SOS Framework

This document describes the provided SOS framework. This is provided to make it easier for you to get started with the project. The source code itself should be reasonably well commented, and you should ensure that you understand the provided source code.

Build system & Project Structure

Note that the structure of the project and the build system are intimately linked. Although you are free to change the build system and layout of the project it is discouraged for the following reasons:

Starting configuration

This section describes each part of the system as it is when you get the code. The image below shows how the system is set up.

Figure 1: System startup configuration diagram

Build system

We use CMake and ninja to construct a comprehensive build system that manages dependencies, configuration options and building the project. Milestone 0 provides info on how to use the build system. Milestones that require you to modify the build system provide instructions on how to do so.

Adding new source files

CMake does not automatically detect new source files (*.c) are added to a project. When you add new files, find the closest CMakeLists.txt file in the directory hierarchy and add the file to the list in the add_executable command. ninja will then automatically detect changes to CMakeLists.txt files and rebuild your project correctly.

Note that CMake does support GLOB style detection of files, but there are significant downsides.

Configuration settings

To view and edit configuration settings, first enter the build directory and open the CMake configuration editor:
cd build
ccmake ..
You can use less-style searching (eg. /Sos) to find the configuration option to change. Hit enter to change an option, then c to regenerate the config. Once you are finished, use g to save the generated configuration and exit. Sometimes you must regenerate the config several times with c before g can be used, as CMake needs several iterations to resolve all dependencies. Further commands are listed at the bottom of the cmake UI.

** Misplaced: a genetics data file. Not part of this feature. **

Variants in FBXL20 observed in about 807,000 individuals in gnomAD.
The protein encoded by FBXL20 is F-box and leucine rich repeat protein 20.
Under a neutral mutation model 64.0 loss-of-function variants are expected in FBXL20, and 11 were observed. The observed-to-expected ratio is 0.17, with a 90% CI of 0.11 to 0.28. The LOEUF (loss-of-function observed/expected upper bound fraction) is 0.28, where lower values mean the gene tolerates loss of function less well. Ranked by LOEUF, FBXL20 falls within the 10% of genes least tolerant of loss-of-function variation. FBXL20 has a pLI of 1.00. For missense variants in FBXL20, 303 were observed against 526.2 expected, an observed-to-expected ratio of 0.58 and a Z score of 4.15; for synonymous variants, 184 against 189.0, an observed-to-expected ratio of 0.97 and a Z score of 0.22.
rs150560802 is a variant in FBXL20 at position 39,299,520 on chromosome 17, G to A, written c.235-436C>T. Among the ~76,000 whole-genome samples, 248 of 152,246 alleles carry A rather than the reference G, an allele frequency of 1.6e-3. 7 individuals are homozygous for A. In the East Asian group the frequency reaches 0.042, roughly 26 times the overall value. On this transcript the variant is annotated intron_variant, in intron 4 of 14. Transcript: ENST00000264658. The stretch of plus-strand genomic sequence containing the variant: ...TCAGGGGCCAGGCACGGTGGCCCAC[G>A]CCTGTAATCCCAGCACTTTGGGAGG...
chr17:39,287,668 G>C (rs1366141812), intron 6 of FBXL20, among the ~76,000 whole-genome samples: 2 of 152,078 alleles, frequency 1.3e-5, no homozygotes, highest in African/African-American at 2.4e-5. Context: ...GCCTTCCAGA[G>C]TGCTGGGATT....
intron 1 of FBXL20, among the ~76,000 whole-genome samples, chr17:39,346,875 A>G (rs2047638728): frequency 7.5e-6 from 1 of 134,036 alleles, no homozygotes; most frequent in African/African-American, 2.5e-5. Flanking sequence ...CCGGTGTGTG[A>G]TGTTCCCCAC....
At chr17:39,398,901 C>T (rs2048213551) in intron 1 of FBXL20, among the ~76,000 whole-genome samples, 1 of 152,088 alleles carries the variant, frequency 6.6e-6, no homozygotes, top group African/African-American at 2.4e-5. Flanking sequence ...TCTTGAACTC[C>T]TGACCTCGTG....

Network configuration

The network configuration of SOS is setup via CMake, as above. The following options are available:


Most of the code you will write will be in the projects/aos/sos directory. Currently there is a very minimal operating system implemented, which should help get you started. The following section presents a brief overview of each file. Find more details in the source!

This file is the driver of the minimal stub code you have been provided. The interesting thing here is the startup procedure, which should be fairly easy to follow. On startup the following happens:
  1. Initialises the muslc c library
  2. Bootstrapping: initialisation of the cspace, untyped memory management, and DMA subsystems.
  3. Sets up a basic UART driver for serial output, and switches to use this for output (e.g. printf).
  4. Creates the endpoint and notification objects used for receiving IPC and interrupts, respectively.
  5. Allocates and switches to a new, bigger stack with a guard page.
  6. Initialises of the network drivers and libraries.
  7. Runs some unit tests to check the system is working.
  8. Spawn a thread in a new address space (the tty_test application).
  9. Start the interrupt, fault and IPC handling loop.
elf.c & elfload.h
A very basic (stub) elf loading implementation.
Provides a helper functions which can be used to map frames into the virtual memory space of SOS. Kernel page table objects are created as they are needed, however, the allocation of the frame to be mapped is left to the caller. Note: The current code "leaks" the page tables, something you will need to fix in later milestones.